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Young People are the Worst Recycling Offenders

Young People are the Worst Recycling Offenders

Young People are the Worst Recycling Offenders

One of the biggest problems when it comes to recycling is that the contamination of waste prevents a lot of recyclable waste from actually being processed.

New data from a survey has shown that younger people aged 18-34 are the worst offenders when it comes to putting the wrong things in the recycling. More than 25% of survey respondents in this age group admitted to putting things in to the recycling and hoping that they were recyclable, rather than being completely sure.

Previous surveys back this up

A previous DEFRA survey found that over half of 16-24-year olds did not recycle at all, while over 82% of people over 65 regularly recycled.

The current survey

3,329 people across the UK were surveyed on their recycling habits, including 650 from Wales. Of the 18 to 34-year-olds surveyed:

  • 42% were not confident they were getting it right
  • 28% weren’t sure what they were putting in the recycling bin was recyclable
  • 19% admitted that they didn’t put much thought into what they were putting in the bin
  • 19% didn’t know what their local recycling guidelines were and didn’t check

Young People Do Not Recycle More

The situation in Wales

The research says that 42% of Welsh 18 to 34-year-olds want to recycle more, but they are not confident that they are getting it right.

Around 30% of people in this age group are not confident in their recycling capabilities, with 28% admitting they weren’t sure whether what they were putting in their recycling bin was recyclable.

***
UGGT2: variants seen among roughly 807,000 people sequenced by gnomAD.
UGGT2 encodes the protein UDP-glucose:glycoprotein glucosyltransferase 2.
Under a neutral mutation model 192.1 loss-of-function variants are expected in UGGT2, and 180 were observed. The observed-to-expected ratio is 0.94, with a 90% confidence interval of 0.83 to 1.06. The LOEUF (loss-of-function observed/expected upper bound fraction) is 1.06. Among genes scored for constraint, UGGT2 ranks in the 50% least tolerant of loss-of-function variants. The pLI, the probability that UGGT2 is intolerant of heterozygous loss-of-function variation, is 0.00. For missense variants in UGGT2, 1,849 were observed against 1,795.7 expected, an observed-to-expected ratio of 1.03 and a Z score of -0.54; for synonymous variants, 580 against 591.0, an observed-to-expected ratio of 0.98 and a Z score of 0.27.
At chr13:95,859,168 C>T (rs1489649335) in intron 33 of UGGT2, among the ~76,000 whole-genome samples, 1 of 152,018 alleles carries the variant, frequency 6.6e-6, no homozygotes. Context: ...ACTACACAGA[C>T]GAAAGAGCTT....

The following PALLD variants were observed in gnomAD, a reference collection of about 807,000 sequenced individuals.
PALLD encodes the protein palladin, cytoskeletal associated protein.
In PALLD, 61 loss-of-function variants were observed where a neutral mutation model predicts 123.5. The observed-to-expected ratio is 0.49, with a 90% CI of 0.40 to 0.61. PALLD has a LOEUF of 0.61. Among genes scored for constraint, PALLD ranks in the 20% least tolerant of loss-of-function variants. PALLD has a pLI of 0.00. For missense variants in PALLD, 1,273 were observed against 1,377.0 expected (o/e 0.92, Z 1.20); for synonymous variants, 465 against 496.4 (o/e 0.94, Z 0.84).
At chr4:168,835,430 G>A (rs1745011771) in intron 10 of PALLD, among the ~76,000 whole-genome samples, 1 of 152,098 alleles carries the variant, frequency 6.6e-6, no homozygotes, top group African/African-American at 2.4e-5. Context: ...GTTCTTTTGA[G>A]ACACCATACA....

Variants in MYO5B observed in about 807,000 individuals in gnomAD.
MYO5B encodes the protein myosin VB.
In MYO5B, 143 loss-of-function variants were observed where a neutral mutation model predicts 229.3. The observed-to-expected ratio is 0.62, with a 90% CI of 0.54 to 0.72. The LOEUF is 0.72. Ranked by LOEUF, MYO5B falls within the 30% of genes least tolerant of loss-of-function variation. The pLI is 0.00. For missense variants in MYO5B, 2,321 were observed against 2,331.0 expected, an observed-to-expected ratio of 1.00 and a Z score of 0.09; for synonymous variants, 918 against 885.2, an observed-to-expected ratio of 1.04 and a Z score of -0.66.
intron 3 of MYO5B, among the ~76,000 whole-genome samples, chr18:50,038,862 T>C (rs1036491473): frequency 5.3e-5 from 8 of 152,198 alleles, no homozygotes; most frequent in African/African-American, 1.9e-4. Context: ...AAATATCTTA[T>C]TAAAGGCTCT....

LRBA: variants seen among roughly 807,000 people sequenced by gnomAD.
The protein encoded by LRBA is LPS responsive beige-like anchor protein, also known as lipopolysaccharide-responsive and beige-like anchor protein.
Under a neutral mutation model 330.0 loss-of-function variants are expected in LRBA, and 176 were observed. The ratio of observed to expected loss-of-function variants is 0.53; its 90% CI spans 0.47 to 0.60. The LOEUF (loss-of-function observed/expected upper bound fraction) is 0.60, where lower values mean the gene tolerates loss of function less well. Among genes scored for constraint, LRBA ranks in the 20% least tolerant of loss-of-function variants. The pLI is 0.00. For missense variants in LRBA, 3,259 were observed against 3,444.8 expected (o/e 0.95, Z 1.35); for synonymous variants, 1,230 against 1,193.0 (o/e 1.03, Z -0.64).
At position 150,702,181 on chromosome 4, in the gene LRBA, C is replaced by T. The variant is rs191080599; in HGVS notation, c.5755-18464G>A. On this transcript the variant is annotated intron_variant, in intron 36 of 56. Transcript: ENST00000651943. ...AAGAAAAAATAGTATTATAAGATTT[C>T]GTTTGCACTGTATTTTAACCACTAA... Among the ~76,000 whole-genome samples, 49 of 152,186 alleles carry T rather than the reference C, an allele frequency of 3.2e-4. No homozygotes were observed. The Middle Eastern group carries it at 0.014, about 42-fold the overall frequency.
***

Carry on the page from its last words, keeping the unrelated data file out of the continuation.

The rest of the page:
The data is being released at an event called Festival no.6 in Portmeirion in Gwynedd, to try and raise awareness about recycling among younger people. The message is that if everyone who attended the festival recycled one can of dry shampoo or deodorant, it would save enough energy to power the lighting on the main festival stage for one week.

Why do young people not recycle more?

When surveyed, the most common reasons why people did not recycle more were:

  • Lack of time to sort recycling
  • Lack of inclination to recycle
  • Confusion about what was recyclable

What can be done?

To improve recycling rates among younger people, education programmes in schools are a good option. Teaching children about the importance of recycling when they are young might help form good habits for life. Organisations which work to achieve awareness among young people include:

The Young People’s Trust for the Environment is a charity which is geared towards improving young people’s awareness of the environment and sustainability. It provides learning materials for teachers, parents, and young people on environmental issues and what they can do at home and in their lives to benefit the planet.

The Young Greens carry this on into Universities, where they try to encourage more students to recycle. They run campaigns to raise awareness, set up recycling schemes, and lobby for recycling facilities to be installed in colleges and universities.

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